Ira Chernus  


George W. Bush became president because Ralph Nader was right: There is no significant difference between Bush and Gore. Let me explain by suggesting a fantasy.

Imagine that, the day after Election Day, the editors, pundits, and opinion-makers had asked only one question: "Who REALLY won Florida?" Imagine that this question had dominated the headlines and the talk shows. As the reports of uncounted votes poured in, imagine how quickly Florida officials could have arranged to count those votes. Public opinion would have forced them to do it.

But that would have been some other country, not the USA of 2000. Here the question that dominated all others was not, "Who won?" but "How long?" "How long can Gore hold out?" "How long will the publicís patience hold out?" "How long can we endure this agonizing crisis?" The length of the process became the problem, not the accuracy of the count.

Words like crisis and agony put the burden of proof on the Democrats to show why we should endure all this. They made efforts to find out who won seem wrongheaded, even dangerous. In this atmosphere, shrill calls for a quick recount sounded like wounds to the body politic. It was easy to ignore Goreís now-forgotten call for a state-wide recount, because it would "just prolong the agony." Republican stalling tactics, on the other hand, seemed perfectly legitimate and even patriotic.

Why did the media choose this spin? The human drama it provided, the skill of the Bush spinmeisters, and the mediaís pro-Republican tilt were all factors. But something else was more crucial.

In the days right after the election, the newspapers that set the pace for U.S. journalism, The New York Times and The Washington Post, warned of frightening problems if the matter were not resolved quickly. They predicted a huge public demand for a quick end to it. When that didnít materialize, they backed off. But the die had been cast. The leading question would not be "Who won?", but "How long?".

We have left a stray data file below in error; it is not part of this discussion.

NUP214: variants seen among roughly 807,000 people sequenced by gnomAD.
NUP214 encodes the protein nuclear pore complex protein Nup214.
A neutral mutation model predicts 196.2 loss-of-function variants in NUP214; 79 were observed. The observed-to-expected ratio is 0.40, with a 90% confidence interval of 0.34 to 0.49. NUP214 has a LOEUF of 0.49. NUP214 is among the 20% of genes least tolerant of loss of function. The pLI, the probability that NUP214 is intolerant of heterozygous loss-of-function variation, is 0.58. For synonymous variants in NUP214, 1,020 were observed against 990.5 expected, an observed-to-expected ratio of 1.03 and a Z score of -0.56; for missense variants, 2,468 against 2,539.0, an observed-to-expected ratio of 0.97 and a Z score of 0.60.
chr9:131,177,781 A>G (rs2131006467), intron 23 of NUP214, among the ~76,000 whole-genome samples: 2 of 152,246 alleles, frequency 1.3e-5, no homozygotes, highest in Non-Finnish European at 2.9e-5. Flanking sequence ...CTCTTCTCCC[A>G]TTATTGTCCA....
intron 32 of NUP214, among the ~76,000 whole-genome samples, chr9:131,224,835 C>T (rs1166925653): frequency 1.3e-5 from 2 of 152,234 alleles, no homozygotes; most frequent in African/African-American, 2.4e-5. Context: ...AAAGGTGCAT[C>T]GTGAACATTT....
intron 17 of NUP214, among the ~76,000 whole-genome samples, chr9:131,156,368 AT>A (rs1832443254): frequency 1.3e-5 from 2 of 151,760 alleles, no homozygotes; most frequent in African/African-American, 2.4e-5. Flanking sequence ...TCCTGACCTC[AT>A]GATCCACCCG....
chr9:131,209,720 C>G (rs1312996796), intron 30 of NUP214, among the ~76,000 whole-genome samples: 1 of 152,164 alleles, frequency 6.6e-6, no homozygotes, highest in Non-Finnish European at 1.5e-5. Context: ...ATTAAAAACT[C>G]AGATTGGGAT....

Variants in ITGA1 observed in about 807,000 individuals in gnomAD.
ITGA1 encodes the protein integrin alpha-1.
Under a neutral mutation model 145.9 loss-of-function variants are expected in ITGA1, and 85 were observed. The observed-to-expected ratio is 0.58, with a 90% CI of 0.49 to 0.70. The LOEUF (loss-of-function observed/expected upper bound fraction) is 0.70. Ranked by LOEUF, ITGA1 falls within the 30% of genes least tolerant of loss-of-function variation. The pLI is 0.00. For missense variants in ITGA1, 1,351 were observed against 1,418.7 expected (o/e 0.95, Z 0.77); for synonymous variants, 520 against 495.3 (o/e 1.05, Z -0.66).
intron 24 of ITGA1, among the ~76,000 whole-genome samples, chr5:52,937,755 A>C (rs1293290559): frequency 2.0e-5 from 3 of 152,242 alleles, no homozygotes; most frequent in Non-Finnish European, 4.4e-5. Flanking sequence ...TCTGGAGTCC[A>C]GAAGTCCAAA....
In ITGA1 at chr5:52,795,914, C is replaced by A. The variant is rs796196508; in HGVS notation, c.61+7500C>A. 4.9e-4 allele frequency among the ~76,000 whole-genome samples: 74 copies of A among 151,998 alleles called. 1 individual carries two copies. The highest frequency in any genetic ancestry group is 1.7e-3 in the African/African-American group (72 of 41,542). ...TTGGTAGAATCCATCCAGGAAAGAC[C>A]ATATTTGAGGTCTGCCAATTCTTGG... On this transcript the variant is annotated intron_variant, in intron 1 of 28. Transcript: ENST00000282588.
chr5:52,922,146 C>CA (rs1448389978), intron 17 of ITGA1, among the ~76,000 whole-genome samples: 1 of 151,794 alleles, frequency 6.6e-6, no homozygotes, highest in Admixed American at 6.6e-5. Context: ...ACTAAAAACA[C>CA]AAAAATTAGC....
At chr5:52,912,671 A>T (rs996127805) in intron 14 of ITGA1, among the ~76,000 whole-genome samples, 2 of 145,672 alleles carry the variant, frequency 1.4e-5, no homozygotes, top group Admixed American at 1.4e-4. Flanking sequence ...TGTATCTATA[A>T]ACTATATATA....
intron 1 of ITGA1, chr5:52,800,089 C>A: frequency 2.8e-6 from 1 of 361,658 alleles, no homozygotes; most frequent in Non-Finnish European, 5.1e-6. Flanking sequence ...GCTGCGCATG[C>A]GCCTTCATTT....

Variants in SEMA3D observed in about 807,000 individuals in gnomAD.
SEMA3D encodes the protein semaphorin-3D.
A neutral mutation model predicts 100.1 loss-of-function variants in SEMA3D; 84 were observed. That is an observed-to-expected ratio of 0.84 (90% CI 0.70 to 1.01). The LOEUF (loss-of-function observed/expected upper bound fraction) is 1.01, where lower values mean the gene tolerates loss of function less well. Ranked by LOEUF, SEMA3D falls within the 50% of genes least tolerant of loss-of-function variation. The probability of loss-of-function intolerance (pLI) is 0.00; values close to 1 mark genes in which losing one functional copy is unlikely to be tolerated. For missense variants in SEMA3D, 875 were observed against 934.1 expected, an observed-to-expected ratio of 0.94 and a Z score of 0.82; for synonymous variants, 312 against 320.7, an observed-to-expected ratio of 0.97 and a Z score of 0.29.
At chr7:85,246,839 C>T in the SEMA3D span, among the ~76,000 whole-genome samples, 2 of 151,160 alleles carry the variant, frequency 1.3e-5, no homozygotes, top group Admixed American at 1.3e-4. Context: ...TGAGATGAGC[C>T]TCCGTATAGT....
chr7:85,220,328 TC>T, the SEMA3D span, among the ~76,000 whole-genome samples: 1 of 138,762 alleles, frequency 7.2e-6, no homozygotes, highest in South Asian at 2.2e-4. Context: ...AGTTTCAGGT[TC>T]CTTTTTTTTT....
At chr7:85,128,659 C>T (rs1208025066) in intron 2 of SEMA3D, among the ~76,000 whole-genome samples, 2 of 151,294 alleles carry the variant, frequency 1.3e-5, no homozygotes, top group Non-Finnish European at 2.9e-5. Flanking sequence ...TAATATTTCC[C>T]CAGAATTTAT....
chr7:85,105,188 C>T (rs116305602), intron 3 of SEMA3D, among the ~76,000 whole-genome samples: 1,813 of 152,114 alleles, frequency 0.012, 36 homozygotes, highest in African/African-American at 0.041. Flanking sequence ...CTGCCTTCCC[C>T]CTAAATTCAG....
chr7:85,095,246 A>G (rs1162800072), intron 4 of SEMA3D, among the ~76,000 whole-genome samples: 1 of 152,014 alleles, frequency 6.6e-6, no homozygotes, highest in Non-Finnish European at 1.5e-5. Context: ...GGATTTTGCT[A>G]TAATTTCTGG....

The Times and the Post never said exactly what dangers they saw in their crystal ball if the process went on too long. But it is not hard to guess. They worried about the same things that mainstream editors and opinion-makers, and the elite leaders they lunch and golf with, always worry about. They worried about U.S. power and influence around the world. Would our word be respected as long as the next president remained unknown? Might other nations try to take advantage of us in this time of uncertainty? Would our unsettled election trigger global instability?

Instability was surely the great fear, not only in world affairs but in the economy. Investors hate uncertainty. Would they still rush to invest here if the future were so unknown? Might dollars start flowing outward? How would the stock market respond to prolonged uncertainty?

Whether they are Republican or Democrat, the political and journalistic elite of the U.S. agree on our role in the world. We must lead. We must keep the world system humming along. We must keep the international community in line, so that the global economy can continue to integrate and flourish. Anything that threatens to throw a monkeywrench in the works must be stopped, and quickly. That is the role of our government and our elected officials.

Above all, it is the role of the president. Regardless of what party he comes from, he must be the chief symbol and the chief architect of stability. As long as he does that well, it hardly matters what else he does or does not do. And it hardly matters whether his name is Gore or Bush.

The mainstream media focused our attention on "How long?" because they agree with Nader. There is no important difference between Bush and Gore. What matters is that both are committed to stability, to preserving the status quo. The media were trying to tell us, without quite saying it directly, that we too should prize stability above any differences between the candidates.

The 5-person majority of the Supreme Court probably agreed, though they would not come out and say it either. But Chief Justice Wells of the Florida Supreme Court was not so bashful. In his dissent, he rejected a recount because it "will ultimately lead to chaos." And he quoted a line from a Florida newspaper, which sums up the elite view pretty well: "The election is a tie, so letís get on with it."

For the elite, it was a tie because either man would be just as good a president, as long as he preserves stability. Now the "crisis" is over. We can "get on with it." Of course, we will never know who won. Whether this all makes our system more or less stable remains to be seen.